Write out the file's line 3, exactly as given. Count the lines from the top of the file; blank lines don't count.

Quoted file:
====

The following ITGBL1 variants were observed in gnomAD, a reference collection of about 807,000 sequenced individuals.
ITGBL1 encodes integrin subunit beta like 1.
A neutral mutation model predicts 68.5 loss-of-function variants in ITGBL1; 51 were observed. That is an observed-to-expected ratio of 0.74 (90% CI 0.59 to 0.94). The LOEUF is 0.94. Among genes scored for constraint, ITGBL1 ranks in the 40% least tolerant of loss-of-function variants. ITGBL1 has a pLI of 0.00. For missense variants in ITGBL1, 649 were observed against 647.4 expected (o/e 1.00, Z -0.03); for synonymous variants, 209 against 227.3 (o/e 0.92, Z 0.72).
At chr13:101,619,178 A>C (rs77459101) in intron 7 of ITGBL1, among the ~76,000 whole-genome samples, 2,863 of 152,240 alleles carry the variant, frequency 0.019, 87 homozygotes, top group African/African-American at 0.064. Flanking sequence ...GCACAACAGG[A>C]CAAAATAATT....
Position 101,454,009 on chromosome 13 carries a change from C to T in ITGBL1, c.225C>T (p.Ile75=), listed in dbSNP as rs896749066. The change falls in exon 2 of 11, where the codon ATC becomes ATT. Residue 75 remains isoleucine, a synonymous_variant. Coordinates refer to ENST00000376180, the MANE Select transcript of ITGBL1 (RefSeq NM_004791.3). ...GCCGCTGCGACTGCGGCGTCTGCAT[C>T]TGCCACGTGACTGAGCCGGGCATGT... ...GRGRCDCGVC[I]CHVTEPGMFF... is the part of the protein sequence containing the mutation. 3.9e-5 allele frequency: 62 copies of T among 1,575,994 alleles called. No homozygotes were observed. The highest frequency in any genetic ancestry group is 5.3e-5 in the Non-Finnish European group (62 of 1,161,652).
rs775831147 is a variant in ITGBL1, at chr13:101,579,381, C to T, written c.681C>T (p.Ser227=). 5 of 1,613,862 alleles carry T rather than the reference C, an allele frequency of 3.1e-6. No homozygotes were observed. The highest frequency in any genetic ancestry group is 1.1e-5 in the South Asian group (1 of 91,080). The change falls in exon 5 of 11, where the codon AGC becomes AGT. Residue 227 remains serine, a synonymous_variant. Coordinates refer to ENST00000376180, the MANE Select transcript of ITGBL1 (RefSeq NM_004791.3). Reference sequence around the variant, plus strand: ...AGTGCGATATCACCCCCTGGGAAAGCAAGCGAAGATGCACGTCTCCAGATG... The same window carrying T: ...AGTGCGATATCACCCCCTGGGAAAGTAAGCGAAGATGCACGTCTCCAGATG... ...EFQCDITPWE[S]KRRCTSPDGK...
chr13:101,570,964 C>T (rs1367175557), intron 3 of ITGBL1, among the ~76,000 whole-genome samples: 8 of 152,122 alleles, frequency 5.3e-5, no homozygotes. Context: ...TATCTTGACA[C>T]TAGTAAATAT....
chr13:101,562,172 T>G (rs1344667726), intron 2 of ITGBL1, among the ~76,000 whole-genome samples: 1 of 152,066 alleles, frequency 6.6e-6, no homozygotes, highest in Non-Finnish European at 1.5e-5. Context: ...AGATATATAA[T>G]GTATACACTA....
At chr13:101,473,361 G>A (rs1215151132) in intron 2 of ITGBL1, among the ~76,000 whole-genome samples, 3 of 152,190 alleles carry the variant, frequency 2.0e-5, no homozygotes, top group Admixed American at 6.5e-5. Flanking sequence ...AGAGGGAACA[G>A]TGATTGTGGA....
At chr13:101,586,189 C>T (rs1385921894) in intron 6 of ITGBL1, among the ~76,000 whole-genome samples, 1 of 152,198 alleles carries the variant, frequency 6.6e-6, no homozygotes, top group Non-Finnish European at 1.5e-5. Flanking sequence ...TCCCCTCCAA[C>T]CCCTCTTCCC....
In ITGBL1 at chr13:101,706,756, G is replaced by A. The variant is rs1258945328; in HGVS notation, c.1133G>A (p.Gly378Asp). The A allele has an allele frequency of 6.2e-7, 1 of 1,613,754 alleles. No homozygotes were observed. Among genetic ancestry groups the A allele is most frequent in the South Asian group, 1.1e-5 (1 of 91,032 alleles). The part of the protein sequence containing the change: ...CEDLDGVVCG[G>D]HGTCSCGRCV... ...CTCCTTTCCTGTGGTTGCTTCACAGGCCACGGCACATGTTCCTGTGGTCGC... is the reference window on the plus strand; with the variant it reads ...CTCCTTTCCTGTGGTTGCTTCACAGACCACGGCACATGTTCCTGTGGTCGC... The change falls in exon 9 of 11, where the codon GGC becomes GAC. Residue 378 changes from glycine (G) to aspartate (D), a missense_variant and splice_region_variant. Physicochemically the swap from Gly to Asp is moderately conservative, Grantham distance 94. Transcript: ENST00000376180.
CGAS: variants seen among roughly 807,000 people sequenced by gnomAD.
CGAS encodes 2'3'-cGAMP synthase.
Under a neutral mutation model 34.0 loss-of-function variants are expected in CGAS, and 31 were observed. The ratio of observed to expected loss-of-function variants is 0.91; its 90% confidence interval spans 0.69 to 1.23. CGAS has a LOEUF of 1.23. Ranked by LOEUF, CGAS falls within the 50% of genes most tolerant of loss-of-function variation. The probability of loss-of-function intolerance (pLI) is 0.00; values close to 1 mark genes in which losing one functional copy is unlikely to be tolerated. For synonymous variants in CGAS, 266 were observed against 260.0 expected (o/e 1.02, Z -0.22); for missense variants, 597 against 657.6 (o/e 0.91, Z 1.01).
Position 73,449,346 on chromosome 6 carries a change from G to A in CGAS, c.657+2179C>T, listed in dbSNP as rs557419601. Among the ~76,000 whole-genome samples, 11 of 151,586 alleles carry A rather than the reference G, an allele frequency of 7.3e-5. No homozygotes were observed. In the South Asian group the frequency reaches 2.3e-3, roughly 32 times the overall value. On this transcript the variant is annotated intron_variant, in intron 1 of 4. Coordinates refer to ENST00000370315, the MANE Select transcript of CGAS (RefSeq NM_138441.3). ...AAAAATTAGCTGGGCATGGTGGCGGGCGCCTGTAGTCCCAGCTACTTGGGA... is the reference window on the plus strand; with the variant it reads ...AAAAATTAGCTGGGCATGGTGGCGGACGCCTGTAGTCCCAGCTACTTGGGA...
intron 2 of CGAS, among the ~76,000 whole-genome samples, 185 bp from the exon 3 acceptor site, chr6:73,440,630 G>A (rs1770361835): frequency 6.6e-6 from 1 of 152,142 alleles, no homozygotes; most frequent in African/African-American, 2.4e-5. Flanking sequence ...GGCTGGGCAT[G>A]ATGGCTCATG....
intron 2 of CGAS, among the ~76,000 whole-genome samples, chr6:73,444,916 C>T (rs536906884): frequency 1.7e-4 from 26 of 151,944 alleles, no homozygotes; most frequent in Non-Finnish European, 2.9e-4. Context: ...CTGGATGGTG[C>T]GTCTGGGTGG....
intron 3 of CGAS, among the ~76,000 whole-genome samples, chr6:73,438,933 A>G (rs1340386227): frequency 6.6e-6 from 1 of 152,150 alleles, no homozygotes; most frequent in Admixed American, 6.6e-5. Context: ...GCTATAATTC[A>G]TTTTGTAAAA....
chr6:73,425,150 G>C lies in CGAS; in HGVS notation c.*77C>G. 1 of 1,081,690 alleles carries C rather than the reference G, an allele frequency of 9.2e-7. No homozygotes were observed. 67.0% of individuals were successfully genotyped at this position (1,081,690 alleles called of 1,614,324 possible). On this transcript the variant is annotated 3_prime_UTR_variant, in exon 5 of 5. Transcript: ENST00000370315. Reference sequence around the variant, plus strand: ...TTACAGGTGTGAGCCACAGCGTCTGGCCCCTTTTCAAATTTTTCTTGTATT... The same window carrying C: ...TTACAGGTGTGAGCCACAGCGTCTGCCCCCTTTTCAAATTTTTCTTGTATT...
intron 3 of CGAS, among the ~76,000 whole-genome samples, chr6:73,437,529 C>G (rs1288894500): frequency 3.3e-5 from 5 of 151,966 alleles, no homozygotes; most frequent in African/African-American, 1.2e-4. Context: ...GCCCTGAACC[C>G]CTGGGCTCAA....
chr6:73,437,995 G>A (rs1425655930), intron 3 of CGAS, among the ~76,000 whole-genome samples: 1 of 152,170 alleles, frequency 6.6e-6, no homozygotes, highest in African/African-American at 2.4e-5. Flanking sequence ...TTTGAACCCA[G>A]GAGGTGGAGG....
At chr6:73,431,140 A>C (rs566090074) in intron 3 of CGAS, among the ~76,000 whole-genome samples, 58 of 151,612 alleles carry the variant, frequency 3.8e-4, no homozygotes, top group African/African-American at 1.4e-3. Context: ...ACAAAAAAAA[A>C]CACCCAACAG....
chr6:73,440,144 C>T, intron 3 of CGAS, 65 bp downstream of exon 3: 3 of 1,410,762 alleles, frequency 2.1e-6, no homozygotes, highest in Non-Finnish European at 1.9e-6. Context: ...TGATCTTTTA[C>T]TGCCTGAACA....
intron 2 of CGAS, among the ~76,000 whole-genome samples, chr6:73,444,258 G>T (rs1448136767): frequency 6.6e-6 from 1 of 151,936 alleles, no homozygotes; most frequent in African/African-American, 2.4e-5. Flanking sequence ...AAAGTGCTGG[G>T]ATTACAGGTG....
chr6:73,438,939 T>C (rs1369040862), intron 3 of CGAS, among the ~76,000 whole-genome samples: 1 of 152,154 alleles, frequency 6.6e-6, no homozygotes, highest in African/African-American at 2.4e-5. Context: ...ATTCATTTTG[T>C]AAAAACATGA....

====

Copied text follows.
A neutral mutation model predicts 68.5 loss-of-function variants in ITGBL1; 51 were observed. That is an observed-to-expected ratio of 0.74 (90% CI 0.59 to 0.94). The LOEUF is 0.94. Among genes scored for constraint, ITGBL1 ranks in the 40% least tolerant of loss-of-function variants. ITGBL1 has a pLI of 0.00. For missense variants in ITGBL1, 649 were observed against 647.4 expected (o/e 1.00, Z -0.03); for synonymous variants, 209 against 227.3 (o/e 0.92, Z 0.72).